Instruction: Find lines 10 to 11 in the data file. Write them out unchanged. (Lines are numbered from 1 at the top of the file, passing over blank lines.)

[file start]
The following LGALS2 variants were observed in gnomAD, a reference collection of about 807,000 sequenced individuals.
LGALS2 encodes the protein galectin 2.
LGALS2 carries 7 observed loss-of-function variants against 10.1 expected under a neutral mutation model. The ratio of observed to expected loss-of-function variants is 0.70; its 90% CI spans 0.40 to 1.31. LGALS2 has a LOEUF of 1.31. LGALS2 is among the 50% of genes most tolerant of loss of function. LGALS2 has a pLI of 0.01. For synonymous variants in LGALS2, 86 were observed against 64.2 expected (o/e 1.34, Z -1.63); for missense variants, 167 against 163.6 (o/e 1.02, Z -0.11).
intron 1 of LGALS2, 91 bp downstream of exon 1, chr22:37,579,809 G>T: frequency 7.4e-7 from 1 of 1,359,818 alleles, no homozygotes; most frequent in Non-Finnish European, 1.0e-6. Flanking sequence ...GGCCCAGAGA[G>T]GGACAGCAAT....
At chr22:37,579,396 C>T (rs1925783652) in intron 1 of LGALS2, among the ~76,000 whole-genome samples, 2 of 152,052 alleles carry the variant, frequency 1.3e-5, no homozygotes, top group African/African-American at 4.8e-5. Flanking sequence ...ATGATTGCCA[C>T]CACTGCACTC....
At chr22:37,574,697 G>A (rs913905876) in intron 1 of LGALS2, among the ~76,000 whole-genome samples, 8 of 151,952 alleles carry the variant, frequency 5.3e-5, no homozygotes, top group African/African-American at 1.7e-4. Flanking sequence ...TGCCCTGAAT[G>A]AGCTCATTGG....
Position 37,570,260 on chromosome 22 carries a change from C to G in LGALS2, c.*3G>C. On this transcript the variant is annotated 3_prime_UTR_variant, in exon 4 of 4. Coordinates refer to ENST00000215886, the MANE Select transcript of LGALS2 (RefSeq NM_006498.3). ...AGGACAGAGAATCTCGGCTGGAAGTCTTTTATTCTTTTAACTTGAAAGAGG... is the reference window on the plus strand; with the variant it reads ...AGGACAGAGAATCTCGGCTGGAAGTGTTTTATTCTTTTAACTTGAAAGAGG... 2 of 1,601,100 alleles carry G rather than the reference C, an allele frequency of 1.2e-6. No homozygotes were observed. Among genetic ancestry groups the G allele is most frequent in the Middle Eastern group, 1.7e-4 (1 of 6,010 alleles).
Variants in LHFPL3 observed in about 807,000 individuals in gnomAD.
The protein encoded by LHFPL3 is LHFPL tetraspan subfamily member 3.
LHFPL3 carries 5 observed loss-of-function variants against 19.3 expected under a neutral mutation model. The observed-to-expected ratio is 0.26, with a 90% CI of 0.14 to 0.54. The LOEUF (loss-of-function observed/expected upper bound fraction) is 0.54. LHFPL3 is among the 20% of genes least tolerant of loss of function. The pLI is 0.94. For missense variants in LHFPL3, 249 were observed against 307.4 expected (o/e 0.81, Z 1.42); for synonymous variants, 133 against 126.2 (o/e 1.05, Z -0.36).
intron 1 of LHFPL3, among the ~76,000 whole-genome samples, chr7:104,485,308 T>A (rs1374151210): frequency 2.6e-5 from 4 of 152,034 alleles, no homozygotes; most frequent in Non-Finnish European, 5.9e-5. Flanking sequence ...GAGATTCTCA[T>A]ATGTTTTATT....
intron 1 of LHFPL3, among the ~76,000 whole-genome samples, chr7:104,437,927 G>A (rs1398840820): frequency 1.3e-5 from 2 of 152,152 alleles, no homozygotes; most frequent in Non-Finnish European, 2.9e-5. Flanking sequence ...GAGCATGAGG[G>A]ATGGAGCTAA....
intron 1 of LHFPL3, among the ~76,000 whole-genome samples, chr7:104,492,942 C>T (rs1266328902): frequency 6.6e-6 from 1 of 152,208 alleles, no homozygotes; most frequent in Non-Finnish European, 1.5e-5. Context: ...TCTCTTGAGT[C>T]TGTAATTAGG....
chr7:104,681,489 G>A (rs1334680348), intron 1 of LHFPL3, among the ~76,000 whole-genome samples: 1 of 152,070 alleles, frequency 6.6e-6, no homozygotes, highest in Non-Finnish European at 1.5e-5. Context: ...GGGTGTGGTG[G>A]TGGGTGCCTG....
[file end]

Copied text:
LHFPL3 carries 5 observed loss-of-function variants against 19.3 expected under a neutral mutation model. The observed-to-expected ratio is 0.26, with a 90% CI of 0.14 to 0.54. The LOEUF (loss-of-function observed/expected upper bound fraction) is 0.54. LHFPL3 is among the 20% of genes least tolerant of loss of function. The pLI is 0.94. For missense variants in LHFPL3, 249 were observed against 307.4 expected (o/e 0.81, Z 1.42); for synonymous variants, 133 against 126.2 (o/e 1.05, Z -0.36).
intron 1 of LHFPL3, among the ~76,000 whole-genome samples, chr7:104,485,308 T>A (rs1374151210): frequency 2.6e-5 from 4 of 152,034 alleles, no homozygotes; most frequent in Non-Finnish European, 5.9e-5. Flanking sequence ...GAGATTCTCA[T>A]ATGTTTTATT....